I’ve been thinking about chemistry lately, what with mercerization and soap — you did notice that both require the use of sodium hydroxide, didn’t you? — and preparing a nice chemistry exhibit for the homeschool curriculum fair. We also had a caller asking for potassium oxide. Having been thinking about soap, I naturally wondered whether she meant potassium hydroxide, but no, there is such a thing as potassium oxide, and it is quite dangerous. Should a person who calls a bookstore in search of viciously toxic chemicals be allowed to use them in her homeschooling? I am afraid that we unwittingly sell chemistry equipment to people who want it for their meth labs, so we can hardly fault a nice lady who made us her first call when she was searching for a chemical which she might not have realized was a questionable choice for use with children. I suppose the real question is: who is going to allow or disallow it?

The Poster Queen and I had a bizarre experience along those lines the other day. A couple came in asking for homeschool materials for their ninth grader. The Poster Queen attempted to help them for a bit, and then asked me to trade off with her, and I could easily see why she found these folks challenging. As we asked them questions, their story changed. They appeared to be lying. About what? Hard to tell. When we offered them state history materials, they said they wouldn’t need them, as they lived in a different state. Then they said they lived in an apartment complex a few miles away. Then, when we recommended going to their local school superintendent for some papers, they said they had already been to the one in the next town to the north. The entire discussion went like this — they were teaching their son algebra — no, geometry — no, algebra, but they didn’t like their book so they needed a new one. Once we had both given up, the woman had a very loud conversation on her cell phone in which she assured someone that you didn’t have to prove to anyone that you were really homeschooling. We could only conclude that these folks had neglected their child’s education all year and were now trying to fake ninth grade. Why were they bothering to lie to us? I don’t know. A custody case, perhaps? I’ve been called in such cases before.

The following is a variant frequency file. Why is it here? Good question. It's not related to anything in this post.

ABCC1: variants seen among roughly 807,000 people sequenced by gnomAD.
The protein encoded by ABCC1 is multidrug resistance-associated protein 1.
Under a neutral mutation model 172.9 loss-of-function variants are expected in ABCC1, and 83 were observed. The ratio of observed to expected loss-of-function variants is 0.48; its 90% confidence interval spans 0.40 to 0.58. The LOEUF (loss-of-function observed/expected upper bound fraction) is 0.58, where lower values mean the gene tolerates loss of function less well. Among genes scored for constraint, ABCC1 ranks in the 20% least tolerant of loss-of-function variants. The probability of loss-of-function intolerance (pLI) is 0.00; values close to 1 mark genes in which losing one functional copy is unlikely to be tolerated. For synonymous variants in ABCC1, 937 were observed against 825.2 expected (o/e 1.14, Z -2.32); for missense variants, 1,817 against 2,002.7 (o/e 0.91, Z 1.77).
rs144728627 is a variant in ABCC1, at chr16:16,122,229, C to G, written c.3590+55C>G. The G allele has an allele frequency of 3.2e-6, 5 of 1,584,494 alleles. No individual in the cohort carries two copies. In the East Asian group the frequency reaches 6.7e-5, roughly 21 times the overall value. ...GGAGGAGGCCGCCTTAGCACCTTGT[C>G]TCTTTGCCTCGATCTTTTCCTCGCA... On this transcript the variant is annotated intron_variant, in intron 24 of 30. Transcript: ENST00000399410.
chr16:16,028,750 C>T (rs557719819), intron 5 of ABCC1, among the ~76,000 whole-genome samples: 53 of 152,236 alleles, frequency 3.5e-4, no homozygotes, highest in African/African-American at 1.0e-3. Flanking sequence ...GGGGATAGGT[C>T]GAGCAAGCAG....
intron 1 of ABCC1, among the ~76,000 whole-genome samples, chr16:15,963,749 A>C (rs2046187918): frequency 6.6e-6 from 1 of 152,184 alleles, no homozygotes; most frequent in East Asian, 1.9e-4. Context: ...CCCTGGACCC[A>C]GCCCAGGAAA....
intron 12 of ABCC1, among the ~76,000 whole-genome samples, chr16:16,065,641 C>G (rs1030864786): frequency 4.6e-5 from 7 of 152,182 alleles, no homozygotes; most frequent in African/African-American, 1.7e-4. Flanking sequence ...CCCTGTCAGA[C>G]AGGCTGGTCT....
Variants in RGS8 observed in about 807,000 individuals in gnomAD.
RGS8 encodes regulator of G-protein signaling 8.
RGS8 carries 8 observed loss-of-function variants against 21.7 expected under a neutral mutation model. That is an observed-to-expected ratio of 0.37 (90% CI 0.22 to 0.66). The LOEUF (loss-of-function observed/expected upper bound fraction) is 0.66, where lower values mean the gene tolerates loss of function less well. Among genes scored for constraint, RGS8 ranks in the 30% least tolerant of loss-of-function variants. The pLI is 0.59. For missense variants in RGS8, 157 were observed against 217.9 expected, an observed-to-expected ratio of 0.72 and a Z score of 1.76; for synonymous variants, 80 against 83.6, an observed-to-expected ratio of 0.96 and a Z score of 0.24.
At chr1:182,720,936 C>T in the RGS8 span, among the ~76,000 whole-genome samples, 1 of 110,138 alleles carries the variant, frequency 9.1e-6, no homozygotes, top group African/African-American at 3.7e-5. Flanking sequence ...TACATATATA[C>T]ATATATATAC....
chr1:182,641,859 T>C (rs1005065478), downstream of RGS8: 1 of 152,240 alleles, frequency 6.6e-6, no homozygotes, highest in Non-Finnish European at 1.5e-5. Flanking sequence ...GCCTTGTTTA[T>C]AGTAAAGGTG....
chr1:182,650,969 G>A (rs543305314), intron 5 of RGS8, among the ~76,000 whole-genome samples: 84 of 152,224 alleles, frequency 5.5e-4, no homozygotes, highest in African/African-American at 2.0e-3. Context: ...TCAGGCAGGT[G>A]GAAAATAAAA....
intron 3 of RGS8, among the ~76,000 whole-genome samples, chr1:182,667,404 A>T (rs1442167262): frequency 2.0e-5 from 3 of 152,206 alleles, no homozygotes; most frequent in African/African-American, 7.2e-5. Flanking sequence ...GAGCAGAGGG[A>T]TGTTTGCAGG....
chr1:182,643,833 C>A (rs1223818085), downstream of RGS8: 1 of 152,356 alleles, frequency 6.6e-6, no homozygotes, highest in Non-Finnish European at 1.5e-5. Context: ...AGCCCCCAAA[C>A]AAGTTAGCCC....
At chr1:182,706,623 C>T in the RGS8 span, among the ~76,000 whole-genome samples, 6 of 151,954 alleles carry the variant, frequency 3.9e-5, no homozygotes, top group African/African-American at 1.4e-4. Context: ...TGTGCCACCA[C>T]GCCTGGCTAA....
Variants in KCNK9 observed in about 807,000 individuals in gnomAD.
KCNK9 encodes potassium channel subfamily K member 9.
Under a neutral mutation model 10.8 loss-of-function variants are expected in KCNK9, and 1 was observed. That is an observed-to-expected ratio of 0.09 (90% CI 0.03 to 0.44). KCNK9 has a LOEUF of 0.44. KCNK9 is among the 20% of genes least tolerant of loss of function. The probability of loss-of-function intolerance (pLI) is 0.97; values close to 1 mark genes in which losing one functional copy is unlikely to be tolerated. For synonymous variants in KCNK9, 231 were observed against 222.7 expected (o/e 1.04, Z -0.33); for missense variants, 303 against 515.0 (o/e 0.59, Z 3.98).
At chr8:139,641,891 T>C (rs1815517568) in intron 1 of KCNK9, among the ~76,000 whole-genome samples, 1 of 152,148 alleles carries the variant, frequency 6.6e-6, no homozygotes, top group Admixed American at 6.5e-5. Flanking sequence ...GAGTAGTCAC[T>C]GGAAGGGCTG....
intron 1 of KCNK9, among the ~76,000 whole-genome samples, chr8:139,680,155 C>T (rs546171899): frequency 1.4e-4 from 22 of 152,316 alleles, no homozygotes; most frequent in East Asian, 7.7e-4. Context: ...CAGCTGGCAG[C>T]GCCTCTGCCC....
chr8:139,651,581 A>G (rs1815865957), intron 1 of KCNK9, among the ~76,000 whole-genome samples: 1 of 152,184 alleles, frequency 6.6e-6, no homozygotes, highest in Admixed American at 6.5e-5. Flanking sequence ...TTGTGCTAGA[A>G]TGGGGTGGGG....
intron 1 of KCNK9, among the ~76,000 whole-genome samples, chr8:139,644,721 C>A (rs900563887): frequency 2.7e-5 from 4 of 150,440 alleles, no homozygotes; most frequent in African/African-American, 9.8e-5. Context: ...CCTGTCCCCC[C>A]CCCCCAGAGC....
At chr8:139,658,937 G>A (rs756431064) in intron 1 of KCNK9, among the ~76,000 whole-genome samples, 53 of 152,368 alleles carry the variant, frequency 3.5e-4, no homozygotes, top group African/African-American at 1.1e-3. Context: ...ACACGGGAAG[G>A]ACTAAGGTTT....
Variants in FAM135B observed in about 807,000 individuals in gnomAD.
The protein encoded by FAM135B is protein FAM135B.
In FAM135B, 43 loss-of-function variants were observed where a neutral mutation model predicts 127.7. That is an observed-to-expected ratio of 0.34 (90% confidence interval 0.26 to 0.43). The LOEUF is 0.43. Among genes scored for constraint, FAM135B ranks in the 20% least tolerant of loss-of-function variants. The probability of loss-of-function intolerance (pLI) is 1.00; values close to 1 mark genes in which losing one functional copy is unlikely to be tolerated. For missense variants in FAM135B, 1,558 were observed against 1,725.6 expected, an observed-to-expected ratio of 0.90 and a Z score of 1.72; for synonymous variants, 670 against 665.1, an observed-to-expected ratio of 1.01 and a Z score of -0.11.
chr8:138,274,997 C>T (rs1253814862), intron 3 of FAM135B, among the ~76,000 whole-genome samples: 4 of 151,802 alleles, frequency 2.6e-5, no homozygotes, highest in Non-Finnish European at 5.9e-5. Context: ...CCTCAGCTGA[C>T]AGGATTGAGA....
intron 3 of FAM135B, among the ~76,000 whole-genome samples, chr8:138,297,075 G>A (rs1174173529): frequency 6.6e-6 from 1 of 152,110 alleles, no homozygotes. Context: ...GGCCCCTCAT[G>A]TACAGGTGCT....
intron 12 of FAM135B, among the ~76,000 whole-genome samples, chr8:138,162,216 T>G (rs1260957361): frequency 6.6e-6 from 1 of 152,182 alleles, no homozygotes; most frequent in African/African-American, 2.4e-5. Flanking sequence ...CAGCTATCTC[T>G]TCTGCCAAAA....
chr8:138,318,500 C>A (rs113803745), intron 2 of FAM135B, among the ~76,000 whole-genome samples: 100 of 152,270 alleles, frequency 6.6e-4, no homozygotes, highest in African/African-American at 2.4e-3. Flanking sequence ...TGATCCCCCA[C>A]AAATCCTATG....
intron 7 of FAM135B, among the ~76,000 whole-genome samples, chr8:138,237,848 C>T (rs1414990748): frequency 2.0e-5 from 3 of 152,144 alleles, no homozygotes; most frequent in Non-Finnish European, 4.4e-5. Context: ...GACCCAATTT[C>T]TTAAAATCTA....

The Poster Queen felt that this was evidence that someone ought to oversee homeschooling — but who? The public schools aren’t successful enough right now to be a reasonable choice. For myself, I figure that a kid with problem parents will have equal problems whether he is in school or at home. Having been a homeschooler myself, though, and having great respect for our homeschool families, I hate to see people like this representing themselves publicly as examples of homeschooling.

In any case, I have noticed something chemical that makes me wonder. Sodium lauryl sulfate and sodium laureth sulfate are detergents used to make bubbles. There is some question about how safe they are, but that is not what I am wondering about at the moment. The thing that is furrowing my brow is the fact that virtually all bottles of foaming things start off with the same two ingredients: water, and then SLS or SLES. Senteurs de Provence, Badedas, fancy cleansing lotions, cheapest shampoo, all begin with those two ingredients. Now, those who argue that SLS/SLES are safe point out that they are used in very small quantities. Water is about 60% of any of these liquid preparations, and then next in quantity is SLS or SLES or sometimes both. Following that comes a list of stuff which, with the chemical names decoded, often kicks off with table salt, oil, colors and fragrances, or citric acid. All things I have in my kitchen cupboard. You know what kinds of quantities of these things are being used. So by the time you get down to that tincture of chamomile or oat bran extract, the quantities are negligible.

Could it then be the case that we could all just mix up a spoonful of SLS  in water and use it for all the different purposes? It is a detergent, and therefore a surfactant, a thing that breaks up oil and moves it around, but its main purpose is to create bubbles. It is a petrochemical, and very cheap ($5 a pound retail at the link I’ve given you). Water is also pretty cheap. So what exactly are we paying for? Dish soap, facial cleansers, wool wash, bubble bath, shampoo — we have all these separate things in our cupboards, but perhaps we are being deceived. It is as though every item in your pantry were made out of modified food starch and flavorings. And you were paying all different prices for the different shapes and colors manufacturers came up with. And the marketing campaigns, of course.

What do you think? By the way, if you want to learn more about chemistry, here is a very cool link: Caveman Chemistry.

If, on the other hand, you want to see my knitting, here it is:

I put the hem at the top this time to give the illusion of different-ness. It seems to me that Sinfonia is inclined to knit up unevenly, but it may be that I am just inclined to knit unevenly at the moment. However, if you are considering Sinfonia, I will say that it is nice and drapey rather than elastic.

I have a surprise day off from work today, and while I intend to clean my house thoroughly, I expect I will also be able to get in a bit of knitting. And possibly some further chemistry.